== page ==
Every once and again I’ll make these “wild card” posts that, strictly speaking, have nothing to do with baseball. This one’s about an apparent oversight with the year 2015 as portrayed in Back to the Future Part II. I’m sure it’s been discussed time and again, but it’s just been bugging me; I figured yesterday wasn’t the appropriate time to bring it up.
It’s established several times throughout Part I that altering events in the past has immediate impact on events in the future. There’s the photograph that Marty has that shows his siblings and, eventually him, disappearing in real-time as George and Lorraine grow farther apart. There’s also the scene at the school dance where Marty begins to swoon and fade away before his parents kiss.
In Part II, disregarding how ludicrous it is for Doc to take Marty and Jennifer to 2015 when, even after informing them of their failures as parents, they still see their children didn’t turn out all that well (there’s nothing they could do in the future that would undo something in the past that would simply occur again), there seems to be a slight discrepancy with how altering events affects the timeline a particular character is in. One one hand, as stated above, altering events in the past changes the present reality for characters in the timeline, but there really is only one timeline.
On the other hand, you may remember Doc’s explanation of the timeline after they arrive in a bizarro-1985–or, rather, how some past event created a tangential timeline. This seems to imply that the original timeline (after the tangent splits) continues to run, and can still be accessed by those inside it. It seems that, unless the filmmakers made a huge oversight, the appearance of Hill Valley in 2015, after a very particular event, confirms this.
After 2015 Biff follows the Delorean to the McFly residence, he steals the time machine while the three time-travelers are inside the house. We learn he went back in time to give the sports almanac to 1955 Biff, and ultimately see him return the Delorean to 2015 before Doc or Marty are any the wiser. Between the events we see unfold later in the film (specifically, that 1955 Biff receives the sports almanac and, in alternate 1985, the newspaper headline from Biff’s first betting win in 1958), we can determine from the amount of time between 1955 Biff’s reception of the almanac and first use of it (about 2 1/2 years) that the sheer act of handing the book over to the “wrong” person creates the tangential future. After all, it’s only a few minutes between Marty and Doc returning with a comatose Jennifer to the briefly-stolen Delorean in 2015 and when they return to what they think is their original 1985.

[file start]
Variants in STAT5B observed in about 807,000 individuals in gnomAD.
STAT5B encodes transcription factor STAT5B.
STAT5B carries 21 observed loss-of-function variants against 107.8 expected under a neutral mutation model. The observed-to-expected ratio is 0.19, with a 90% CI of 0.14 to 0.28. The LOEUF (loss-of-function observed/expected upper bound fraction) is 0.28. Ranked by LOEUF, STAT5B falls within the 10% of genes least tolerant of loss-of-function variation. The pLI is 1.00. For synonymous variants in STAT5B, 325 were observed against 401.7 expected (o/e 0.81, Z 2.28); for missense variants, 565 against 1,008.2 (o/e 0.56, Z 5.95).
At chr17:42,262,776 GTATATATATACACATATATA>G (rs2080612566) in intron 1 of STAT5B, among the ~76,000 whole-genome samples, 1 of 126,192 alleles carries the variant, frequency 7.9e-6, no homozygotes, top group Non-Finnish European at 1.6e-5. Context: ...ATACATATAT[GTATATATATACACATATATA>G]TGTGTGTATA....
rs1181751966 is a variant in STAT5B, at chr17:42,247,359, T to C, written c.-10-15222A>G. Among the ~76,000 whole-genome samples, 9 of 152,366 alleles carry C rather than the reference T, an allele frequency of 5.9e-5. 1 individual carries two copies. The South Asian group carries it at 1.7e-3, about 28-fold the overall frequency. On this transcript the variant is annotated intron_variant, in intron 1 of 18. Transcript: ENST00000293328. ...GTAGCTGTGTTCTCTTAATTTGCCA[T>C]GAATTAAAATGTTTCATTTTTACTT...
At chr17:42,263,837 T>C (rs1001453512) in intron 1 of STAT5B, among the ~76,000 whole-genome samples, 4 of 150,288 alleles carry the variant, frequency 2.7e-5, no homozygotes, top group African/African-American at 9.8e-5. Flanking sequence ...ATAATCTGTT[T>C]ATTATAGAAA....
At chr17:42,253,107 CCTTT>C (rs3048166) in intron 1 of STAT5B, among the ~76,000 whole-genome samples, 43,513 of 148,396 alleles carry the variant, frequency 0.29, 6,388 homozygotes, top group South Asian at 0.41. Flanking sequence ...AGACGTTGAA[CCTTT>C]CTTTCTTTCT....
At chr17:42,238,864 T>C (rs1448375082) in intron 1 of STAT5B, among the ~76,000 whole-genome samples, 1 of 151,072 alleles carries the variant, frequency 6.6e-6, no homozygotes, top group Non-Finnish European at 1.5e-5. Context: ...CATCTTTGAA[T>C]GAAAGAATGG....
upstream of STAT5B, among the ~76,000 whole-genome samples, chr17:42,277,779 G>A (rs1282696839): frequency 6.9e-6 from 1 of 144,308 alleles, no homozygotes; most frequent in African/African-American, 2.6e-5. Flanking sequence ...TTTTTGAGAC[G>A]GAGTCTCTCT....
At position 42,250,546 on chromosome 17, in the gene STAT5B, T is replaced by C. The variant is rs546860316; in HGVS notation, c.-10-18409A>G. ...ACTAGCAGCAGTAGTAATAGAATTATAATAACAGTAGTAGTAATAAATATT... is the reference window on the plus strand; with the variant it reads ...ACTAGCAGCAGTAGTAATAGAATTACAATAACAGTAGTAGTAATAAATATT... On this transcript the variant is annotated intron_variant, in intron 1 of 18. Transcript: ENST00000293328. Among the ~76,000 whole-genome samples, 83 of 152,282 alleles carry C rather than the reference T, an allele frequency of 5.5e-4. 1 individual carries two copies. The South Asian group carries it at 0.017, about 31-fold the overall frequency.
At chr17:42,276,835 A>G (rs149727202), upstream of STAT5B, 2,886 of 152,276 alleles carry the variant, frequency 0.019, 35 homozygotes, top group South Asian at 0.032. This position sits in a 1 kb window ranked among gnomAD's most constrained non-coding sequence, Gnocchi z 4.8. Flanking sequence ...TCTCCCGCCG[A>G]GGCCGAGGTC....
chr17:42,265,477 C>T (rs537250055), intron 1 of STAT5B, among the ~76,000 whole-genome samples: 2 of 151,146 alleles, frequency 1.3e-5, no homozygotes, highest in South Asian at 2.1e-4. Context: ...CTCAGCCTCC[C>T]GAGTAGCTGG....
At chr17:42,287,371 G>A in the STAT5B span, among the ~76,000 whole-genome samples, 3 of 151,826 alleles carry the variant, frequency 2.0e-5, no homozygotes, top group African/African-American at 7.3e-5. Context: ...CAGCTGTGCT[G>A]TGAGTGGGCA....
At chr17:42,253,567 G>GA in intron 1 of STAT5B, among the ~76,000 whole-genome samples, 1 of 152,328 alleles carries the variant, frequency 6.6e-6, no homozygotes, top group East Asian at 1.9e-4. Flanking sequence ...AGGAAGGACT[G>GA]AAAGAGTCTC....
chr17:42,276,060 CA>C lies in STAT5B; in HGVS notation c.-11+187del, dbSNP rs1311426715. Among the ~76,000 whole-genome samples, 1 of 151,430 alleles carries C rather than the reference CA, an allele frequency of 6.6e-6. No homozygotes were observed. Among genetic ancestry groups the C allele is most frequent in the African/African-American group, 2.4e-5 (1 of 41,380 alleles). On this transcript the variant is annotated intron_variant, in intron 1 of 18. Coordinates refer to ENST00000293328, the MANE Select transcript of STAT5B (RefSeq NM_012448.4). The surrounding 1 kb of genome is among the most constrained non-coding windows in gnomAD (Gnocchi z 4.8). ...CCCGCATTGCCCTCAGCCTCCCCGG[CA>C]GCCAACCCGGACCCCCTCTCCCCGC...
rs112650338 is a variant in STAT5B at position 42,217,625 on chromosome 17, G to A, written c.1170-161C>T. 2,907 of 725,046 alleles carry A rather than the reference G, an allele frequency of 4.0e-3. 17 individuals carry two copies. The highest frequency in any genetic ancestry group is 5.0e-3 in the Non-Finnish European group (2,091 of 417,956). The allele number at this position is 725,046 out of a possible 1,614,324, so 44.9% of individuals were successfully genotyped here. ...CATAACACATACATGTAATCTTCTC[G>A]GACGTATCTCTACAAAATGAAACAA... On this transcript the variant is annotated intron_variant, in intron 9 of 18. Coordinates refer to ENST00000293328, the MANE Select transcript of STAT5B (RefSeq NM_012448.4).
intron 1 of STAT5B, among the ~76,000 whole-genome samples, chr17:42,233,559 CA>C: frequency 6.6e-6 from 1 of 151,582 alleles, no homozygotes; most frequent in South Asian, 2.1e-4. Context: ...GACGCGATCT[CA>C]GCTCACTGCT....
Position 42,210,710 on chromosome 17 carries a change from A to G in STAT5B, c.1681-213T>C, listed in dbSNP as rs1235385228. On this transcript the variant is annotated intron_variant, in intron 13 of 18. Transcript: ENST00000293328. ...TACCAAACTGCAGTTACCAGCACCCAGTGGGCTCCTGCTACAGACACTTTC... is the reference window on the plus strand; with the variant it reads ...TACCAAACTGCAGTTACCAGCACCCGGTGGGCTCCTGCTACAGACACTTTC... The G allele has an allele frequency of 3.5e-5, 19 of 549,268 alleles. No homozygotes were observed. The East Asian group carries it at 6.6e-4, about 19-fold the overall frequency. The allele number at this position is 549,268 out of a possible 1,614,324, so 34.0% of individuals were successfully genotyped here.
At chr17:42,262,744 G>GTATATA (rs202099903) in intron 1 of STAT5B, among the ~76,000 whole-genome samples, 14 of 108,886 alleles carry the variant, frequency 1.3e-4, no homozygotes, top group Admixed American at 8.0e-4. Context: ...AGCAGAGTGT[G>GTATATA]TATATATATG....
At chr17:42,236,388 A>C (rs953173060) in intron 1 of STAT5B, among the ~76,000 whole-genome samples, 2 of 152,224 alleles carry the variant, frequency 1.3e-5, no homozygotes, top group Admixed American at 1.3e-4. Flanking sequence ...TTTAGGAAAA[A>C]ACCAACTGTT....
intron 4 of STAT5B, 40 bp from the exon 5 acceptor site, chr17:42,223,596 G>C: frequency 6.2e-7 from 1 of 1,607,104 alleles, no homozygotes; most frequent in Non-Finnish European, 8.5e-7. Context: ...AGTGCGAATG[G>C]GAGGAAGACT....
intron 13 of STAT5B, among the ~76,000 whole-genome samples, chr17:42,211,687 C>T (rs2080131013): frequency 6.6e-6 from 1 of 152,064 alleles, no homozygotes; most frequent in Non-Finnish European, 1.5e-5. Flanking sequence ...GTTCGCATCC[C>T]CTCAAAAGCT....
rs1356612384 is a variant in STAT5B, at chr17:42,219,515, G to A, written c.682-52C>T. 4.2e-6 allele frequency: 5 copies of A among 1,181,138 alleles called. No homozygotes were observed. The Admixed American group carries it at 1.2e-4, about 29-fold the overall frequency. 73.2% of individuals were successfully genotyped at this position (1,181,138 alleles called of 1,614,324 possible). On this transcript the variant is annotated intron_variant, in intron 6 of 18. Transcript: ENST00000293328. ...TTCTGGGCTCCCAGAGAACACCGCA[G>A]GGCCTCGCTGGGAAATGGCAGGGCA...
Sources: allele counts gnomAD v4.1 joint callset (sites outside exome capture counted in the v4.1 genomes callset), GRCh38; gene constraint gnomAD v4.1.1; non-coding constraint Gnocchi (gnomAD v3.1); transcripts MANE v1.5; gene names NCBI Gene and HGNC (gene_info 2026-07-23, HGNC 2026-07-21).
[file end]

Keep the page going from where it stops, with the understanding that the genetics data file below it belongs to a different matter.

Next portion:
Given all this, plus the two alternate notions of the timeline, one of two very different things should happen:
- At some point between Biff’s departure from and return to 2015, not only should that year have immediately transformed to an extension of the depraved city that Biff ran in 1985, but even 2015 Biff would have changed, given the sudden influx of cash vis-à-vis his gift of the sports almanac, or
- Because 2015 doesn’t change instantaneously, it implies that their timeline remained untouched, but that (presumably) an alternate was created as well. Therefore, when Doc, Marty, and Jennifer travel back in time to 1985, which occurred well after Biff created the tangent in 1955 by giving himself the sports almanac, it should have remained untouched. They could only access the alternate 1985 by traveling to some point in history prior to Biff receiving the book, as the alternate 1985 would become the new “normal” ’85. Which means that they don’t actually have any reason to travel back to 1955 for a second time after returning to 1985; which means the Delorean’s destination time doesn’t get set to 1885; which means Doc and the Delorean don’t get struck by lightning in 1955, sending him back seventy years; which means Part III is utterly pointless.
So I’m assuming they just forgot to make 2015 change instantly at some point before Biff’s return from the past. Too bad, because that could explain why the Cubs ended up not winning the World Series this year.